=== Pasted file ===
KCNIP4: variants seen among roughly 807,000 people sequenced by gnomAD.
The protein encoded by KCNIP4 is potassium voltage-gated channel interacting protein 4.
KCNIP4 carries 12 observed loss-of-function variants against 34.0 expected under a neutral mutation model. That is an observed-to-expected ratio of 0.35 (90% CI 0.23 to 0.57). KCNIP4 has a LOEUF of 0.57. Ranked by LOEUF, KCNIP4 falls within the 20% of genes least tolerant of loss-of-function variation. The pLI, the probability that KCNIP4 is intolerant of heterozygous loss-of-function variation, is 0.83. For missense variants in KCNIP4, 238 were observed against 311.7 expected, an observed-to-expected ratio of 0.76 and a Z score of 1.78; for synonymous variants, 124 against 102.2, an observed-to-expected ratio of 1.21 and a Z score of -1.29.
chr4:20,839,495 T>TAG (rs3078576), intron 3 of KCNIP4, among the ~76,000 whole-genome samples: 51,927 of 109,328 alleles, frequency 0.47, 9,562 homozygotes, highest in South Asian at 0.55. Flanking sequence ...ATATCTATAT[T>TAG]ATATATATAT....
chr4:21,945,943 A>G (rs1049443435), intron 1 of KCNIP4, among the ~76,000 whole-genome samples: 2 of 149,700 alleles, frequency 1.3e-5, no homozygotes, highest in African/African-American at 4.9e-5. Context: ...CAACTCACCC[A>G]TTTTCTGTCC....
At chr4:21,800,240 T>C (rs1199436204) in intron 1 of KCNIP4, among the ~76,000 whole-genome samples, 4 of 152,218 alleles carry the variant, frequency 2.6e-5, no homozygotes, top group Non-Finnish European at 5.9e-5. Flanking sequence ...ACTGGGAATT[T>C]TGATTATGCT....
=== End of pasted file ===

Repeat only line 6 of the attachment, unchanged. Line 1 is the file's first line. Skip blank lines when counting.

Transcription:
At chr4:21,800,240 T>C (rs1199436204) in intron 1 of KCNIP4, among the ~76,000 whole-genome samples, 4 of 152,218 alleles carry the variant, frequency 2.6e-5, no homozygotes, top group Non-Finnish European at 5.9e-5. Flanking sequence ...ACTGGGAATT[T>C]TGATTATGCT....